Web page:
DESIRES, A Collection of Caribbean Short Stories by Vaughn T. Stanford

Review by: CHJ Rousseau

TRINIDAD – In Desires, a collection of short stories by Trinidadian Vaughn T. Stanford, the writer holds up a mirror to our eyes, and by some arcane osmotic process we become more than merely the observer: we are the mirror itself, and the reflection.

Writer/teacher Stanford selects appropriately diverse strands of the society we are in the process of creating and paints them in all their multihued brilliance.

Vaughn T. Stanford

Realism is the key: each story is startling cinema verité, each character someone we know, each exchange a conversation we have heard or participated in. The protagonists face their challenges while learning, changing, despairing and triumphing, and their stories are our stories.

Louise Bennett, in her prologue to The Woman, the Writer & Caribbean Society*, observes that these societies can benefit from the words of the writers and artists who celebrate the richness of experience of our people, thus renewing faith in self and engendering hope.

Stanford’s characters are all too humanly fallible, wrestling with their family lives, forging their identities, searching for truth, dreaming their dreams, spiraling into self-destruction, triumphing over the odds. As Bennett observes, the journey of the Caribbean people has not been “nice” or “pretty” and these stories are devoid of sentimentality which would be out of place amidst the stark realism presented.

One of the stories, the short noir piece The Letter, is steeped in the stygian despair of the protagonist who fails to find a way out of his private abyss.

In When Tears Are Not Enough and The Victim, two women each find a way out of the maze of pain and degradation wreaked by violent domestic abuse in one case and childhood sexual assault in the other, both triumphing despite the odds stacked against them.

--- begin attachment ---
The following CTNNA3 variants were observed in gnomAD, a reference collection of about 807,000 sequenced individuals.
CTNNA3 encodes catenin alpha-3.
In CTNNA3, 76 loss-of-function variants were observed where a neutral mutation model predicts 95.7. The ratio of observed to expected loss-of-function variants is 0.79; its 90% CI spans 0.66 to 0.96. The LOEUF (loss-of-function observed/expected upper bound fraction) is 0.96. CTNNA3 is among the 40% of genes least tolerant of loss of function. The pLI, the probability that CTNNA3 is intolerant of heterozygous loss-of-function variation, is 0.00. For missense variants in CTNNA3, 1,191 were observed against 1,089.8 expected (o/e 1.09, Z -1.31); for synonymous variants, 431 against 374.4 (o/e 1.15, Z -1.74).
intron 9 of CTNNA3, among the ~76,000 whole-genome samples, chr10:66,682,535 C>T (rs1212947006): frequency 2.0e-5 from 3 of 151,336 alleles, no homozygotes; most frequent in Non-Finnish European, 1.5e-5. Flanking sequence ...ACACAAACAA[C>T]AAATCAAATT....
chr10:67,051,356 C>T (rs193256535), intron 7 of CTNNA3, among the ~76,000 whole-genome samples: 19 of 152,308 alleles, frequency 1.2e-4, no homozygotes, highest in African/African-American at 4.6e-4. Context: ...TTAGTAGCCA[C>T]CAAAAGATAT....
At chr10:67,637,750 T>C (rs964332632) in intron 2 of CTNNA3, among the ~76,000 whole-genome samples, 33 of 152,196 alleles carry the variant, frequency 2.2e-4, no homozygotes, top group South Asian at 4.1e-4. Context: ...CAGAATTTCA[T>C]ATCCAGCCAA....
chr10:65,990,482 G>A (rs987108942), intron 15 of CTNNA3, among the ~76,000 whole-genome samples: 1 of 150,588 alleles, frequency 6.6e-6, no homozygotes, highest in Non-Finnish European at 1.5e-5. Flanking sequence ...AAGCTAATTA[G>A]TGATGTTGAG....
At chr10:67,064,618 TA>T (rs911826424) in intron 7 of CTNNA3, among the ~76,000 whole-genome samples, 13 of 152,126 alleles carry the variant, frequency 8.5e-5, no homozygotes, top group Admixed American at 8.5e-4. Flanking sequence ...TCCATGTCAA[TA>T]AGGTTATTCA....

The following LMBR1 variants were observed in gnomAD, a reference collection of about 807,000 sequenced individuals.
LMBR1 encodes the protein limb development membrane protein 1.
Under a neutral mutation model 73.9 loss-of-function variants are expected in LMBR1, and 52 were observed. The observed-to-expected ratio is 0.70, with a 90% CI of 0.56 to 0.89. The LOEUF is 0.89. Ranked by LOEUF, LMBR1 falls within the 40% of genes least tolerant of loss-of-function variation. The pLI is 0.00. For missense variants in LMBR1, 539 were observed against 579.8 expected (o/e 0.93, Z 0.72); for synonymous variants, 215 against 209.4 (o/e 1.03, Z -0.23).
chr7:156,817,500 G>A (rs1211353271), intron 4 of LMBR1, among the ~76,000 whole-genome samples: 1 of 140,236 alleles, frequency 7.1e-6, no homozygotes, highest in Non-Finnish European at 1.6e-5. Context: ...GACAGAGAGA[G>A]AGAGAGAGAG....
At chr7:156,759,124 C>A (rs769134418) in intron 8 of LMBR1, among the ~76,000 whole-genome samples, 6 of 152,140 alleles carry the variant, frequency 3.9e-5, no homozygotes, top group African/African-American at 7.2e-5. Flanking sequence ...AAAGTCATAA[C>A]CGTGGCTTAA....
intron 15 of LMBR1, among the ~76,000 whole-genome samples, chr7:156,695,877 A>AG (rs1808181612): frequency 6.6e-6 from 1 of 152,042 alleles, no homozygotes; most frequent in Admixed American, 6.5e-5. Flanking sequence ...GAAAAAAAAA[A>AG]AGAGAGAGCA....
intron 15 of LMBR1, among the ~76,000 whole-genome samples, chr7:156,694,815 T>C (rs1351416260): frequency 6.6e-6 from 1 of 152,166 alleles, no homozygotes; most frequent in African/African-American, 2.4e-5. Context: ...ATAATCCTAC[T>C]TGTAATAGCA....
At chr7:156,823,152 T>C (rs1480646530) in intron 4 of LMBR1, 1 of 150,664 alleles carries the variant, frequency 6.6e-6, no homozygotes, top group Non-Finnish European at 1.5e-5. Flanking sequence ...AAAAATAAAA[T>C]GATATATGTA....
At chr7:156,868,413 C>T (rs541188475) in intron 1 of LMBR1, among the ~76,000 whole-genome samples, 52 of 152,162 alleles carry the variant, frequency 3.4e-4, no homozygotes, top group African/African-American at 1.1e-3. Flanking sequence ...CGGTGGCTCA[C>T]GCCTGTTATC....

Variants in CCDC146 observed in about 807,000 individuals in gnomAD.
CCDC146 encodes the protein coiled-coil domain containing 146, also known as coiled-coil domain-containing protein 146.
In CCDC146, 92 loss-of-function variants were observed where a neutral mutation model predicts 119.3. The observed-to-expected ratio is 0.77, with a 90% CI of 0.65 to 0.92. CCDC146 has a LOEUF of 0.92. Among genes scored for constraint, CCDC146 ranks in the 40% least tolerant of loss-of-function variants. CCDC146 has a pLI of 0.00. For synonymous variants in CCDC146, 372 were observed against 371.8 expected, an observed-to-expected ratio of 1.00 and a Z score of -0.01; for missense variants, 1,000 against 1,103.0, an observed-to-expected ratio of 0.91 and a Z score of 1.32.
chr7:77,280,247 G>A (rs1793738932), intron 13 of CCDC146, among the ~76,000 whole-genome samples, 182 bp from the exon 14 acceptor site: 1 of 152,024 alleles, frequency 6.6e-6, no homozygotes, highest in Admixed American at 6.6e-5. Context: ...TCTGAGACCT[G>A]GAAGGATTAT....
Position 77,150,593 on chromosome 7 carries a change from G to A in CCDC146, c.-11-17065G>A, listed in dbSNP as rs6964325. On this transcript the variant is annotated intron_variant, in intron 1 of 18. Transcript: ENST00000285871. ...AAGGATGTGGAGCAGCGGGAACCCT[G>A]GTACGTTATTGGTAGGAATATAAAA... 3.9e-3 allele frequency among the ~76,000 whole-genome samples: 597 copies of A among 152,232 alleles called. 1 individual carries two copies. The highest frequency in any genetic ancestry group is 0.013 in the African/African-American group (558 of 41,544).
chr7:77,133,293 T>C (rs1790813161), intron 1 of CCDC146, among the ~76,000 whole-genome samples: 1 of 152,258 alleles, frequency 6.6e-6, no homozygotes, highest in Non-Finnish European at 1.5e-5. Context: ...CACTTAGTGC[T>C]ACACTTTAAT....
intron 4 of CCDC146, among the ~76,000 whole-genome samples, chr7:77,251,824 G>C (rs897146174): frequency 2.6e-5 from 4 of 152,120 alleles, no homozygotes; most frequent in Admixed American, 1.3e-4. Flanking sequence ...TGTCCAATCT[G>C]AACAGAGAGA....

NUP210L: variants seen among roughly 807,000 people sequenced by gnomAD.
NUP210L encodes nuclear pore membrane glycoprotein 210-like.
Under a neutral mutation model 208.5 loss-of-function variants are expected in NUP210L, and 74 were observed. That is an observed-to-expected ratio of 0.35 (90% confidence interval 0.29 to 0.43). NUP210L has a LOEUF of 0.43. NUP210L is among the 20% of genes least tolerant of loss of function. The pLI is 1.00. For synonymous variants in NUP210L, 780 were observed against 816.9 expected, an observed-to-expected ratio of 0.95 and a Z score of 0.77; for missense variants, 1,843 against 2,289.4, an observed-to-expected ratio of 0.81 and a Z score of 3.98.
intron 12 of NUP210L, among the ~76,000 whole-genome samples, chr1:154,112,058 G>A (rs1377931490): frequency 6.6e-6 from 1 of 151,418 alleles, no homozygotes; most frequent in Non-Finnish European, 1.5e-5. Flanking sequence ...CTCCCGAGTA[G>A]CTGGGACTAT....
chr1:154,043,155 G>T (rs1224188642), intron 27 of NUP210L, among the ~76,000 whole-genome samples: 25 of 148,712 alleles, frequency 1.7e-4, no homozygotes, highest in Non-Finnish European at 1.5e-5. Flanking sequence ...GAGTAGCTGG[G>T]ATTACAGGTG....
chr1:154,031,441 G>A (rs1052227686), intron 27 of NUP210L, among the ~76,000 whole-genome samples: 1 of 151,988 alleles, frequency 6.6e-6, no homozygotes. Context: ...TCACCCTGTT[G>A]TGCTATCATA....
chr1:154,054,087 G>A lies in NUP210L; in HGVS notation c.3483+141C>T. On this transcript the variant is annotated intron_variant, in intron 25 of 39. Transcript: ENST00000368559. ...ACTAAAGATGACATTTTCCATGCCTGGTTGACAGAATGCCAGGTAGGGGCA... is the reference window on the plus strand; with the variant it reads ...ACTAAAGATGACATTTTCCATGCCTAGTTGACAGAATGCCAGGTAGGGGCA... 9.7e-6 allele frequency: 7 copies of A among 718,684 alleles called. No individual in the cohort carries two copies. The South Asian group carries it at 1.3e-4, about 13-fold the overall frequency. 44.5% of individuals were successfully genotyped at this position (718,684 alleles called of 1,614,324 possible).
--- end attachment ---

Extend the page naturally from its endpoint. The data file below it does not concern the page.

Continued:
A Question of Justice and Beyond Suspicion reflect the pandemic of violent crime that threatens the very existence of these Caribbean societies, and examine the nature of justice, the vigilante code, the implications of the trade in illegal drugs, and retribution in various forms.

Desire is the story of Every teacher as he faces the students whose youth, beauty and promise are constantly at war with the damage inflicted on them by their toxic, convulsing society: the violence, rape, rage, despair and betrayal – yet he manages to love them still and to find hope for the future.

In Two to Tangle, the longest piece, the themes of the other stories merge as we accompany Saleem on his odyssey from humble beginnings in a tiny wooden shack with a drunken, abusive father, into early adulthood after a youth spent in striving to achieve the advantages which had been lacking in his childhood. He faces the eternal dilemmas and discovers through trial and pain that life is not fair, that faith is not blind and unquestioning, that all men – himself included – have feet of clay, and, ultimately, that healing and redemption may be achieved through love.

As Bennett concludes, writers and artists play a vital role in creating and recreating for us images of our societies and of ourselves, and in so doing participate in forging our future. In Desires, we find poignant echoes of the way we used to be, reflections of who we are and visions of who we might become.

* Louise Bennett, “Prologue Message”, The Woman, The Writer & Caribbean Society, edited by Helen Pyne-Timothy (1998, Center for Afro-American Studies Publications, University of California, Los Angeles). The references are from page xvii.

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